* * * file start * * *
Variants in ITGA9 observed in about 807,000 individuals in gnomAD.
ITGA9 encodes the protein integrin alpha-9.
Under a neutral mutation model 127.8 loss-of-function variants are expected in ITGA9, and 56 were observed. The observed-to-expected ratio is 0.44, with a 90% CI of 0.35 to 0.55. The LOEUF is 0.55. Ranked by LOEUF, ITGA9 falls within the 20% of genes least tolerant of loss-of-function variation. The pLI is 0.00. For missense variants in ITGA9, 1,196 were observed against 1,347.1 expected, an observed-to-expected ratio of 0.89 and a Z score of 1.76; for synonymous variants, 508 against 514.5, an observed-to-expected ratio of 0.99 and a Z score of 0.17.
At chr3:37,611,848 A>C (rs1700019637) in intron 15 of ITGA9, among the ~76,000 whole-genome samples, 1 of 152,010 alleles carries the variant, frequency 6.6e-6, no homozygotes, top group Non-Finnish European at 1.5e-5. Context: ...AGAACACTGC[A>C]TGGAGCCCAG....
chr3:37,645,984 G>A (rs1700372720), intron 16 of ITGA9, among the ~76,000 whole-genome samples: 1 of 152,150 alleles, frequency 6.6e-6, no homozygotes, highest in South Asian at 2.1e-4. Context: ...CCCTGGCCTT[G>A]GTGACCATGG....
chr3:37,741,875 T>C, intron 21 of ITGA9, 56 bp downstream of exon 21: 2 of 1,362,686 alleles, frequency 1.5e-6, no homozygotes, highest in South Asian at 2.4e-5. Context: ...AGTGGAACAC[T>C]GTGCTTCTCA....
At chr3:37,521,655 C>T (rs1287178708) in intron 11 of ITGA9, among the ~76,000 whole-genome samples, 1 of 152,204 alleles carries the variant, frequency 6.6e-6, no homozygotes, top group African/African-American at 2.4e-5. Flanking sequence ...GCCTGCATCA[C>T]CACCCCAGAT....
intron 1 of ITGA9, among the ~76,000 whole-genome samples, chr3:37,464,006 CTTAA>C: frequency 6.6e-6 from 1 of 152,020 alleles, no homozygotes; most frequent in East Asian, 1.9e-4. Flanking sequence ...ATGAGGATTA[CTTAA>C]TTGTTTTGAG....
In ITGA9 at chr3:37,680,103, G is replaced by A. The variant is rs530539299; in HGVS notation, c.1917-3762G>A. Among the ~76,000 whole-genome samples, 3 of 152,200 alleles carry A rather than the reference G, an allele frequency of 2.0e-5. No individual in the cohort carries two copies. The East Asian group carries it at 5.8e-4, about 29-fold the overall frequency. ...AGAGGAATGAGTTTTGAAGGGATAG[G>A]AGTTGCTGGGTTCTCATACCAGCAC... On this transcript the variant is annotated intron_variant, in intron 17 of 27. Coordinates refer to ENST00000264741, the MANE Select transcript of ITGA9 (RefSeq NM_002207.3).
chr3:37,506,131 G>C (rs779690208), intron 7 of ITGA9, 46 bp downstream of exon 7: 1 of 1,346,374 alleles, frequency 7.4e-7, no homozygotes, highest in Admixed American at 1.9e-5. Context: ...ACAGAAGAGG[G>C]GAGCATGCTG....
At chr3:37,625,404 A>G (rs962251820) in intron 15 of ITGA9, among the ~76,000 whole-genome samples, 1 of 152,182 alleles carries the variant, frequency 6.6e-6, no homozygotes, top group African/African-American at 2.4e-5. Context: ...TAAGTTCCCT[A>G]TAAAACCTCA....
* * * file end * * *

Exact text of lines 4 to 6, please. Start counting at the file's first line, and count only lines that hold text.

At chr3:37,611,848 A>C (rs1700019637) in intron 15 of ITGA9, among the ~76,000 whole-genome samples, 1 of 152,010 alleles carries the variant, frequency 6.6e-6, no homozygotes, top group Non-Finnish European at 1.5e-5. Context: ...AGAACACTGC[A>C]TGGAGCCCAG....
chr3:37,645,984 G>A (rs1700372720), intron 16 of ITGA9, among the ~76,000 whole-genome samples: 1 of 152,150 alleles, frequency 6.6e-6, no homozygotes, highest in South Asian at 2.1e-4. Context: ...CCCTGGCCTT[G>A]GTGACCATGG....
chr3:37,741,875 T>C, intron 21 of ITGA9, 56 bp downstream of exon 21: 2 of 1,362,686 alleles, frequency 1.5e-6, no homozygotes, highest in South Asian at 2.4e-5. Context: ...AGTGGAACAC[T>C]GTGCTTCTCA....